In early 2020, an expert from Factum Foundation, in collaboration with Factum Arte, recorded an 18th-century bell owned by Mercedes Morénes on her property near Salamanca, Spain, using white-light scanning and photogrammetry. The data was used to create a 3D model, which was 3D-printed at Hobs 3D, London and then cast at Pangolin Editions, Gloucestershire: the analysis of the 3D data opens new possibilities for bell casting and the application of machine learning technologies to increase quality and reduce waste.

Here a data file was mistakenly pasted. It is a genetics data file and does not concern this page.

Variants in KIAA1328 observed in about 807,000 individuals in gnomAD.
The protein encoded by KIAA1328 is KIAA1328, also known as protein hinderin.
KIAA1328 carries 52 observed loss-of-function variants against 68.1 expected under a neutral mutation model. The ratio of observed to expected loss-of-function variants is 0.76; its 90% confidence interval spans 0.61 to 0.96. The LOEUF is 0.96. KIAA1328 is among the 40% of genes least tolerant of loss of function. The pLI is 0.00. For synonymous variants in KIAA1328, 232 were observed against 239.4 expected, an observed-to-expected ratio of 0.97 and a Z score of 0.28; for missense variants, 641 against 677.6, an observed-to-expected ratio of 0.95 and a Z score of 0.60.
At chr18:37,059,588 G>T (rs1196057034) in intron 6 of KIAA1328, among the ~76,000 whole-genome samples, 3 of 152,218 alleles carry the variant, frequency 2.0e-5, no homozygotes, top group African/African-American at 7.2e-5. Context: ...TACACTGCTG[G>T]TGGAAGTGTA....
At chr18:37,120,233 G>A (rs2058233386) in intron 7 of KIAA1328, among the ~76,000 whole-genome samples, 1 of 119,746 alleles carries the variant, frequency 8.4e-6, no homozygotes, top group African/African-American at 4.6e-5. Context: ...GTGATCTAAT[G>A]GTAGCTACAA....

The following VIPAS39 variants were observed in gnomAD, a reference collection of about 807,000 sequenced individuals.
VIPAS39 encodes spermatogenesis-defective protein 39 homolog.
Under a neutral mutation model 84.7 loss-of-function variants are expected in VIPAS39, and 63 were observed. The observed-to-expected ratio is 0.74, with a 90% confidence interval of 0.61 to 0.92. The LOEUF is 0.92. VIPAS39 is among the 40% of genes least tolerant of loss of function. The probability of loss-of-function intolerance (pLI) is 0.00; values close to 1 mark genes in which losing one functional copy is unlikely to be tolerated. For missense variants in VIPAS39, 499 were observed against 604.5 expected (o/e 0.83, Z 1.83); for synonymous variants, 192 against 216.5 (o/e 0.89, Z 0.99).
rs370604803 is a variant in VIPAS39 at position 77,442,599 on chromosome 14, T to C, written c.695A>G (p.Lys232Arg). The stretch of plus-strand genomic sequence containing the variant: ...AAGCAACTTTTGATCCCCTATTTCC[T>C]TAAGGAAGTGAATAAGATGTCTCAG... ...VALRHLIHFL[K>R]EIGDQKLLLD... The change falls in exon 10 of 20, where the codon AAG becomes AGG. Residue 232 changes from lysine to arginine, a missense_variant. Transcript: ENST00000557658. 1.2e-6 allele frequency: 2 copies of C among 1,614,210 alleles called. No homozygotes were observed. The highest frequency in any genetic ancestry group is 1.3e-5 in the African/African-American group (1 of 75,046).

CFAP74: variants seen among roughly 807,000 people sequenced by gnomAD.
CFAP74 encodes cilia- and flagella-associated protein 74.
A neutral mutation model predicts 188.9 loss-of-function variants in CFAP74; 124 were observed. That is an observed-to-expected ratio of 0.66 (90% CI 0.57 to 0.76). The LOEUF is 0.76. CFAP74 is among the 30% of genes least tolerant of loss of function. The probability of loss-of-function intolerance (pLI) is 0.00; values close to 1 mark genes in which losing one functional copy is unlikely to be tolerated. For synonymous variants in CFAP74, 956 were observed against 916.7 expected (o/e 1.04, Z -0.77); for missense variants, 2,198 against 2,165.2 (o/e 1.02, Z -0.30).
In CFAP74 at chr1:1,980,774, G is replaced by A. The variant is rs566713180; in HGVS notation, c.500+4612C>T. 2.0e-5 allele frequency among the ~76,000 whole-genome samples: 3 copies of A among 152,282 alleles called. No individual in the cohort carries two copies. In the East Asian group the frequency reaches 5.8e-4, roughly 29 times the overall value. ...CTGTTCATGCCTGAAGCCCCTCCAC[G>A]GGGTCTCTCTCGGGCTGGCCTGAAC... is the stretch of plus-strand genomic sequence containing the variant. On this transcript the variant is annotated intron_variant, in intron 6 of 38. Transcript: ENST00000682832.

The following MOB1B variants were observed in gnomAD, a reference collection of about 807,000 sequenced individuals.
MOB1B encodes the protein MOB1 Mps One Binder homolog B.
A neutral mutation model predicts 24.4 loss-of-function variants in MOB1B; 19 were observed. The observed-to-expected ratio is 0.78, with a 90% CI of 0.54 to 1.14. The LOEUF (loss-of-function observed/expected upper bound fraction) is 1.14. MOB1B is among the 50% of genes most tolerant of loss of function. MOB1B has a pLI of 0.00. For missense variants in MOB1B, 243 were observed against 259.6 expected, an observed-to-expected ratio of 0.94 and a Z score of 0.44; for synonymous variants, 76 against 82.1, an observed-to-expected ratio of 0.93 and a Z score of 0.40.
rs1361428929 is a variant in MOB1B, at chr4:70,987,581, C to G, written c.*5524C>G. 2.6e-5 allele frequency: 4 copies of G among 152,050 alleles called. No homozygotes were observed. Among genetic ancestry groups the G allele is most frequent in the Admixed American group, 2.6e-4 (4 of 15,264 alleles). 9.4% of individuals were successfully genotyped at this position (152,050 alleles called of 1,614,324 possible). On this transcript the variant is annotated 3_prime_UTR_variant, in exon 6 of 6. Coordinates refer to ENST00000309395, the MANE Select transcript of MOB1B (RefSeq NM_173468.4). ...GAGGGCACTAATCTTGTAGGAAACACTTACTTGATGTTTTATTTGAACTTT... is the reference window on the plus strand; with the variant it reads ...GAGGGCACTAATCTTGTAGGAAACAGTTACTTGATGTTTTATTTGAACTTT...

The original bell near Salamanca, being recorded by Otto Lowe using close-range photogrammetry © Factum Foundation
The original bell near Salamanca, being recorded using close-range photogrammetry © Factum Foundation
Wax positive made from a rubber mould for ceramic shell investment © Pangolin Editions
Preparing the 3D print for vacuum moulding and casting © Pangolin Editions
The bell being invested in ceramic shell © Pangolin Editions
The vacuum-cast process resulted in a perfect bell with only minimal surface cleaning required © Pangolin Editions
We are very grateful to Rungwe Kingdon at Pangolin Editions for his deep knowledge and willingness to experiment to give the art of casting bells a dynamic and viable future.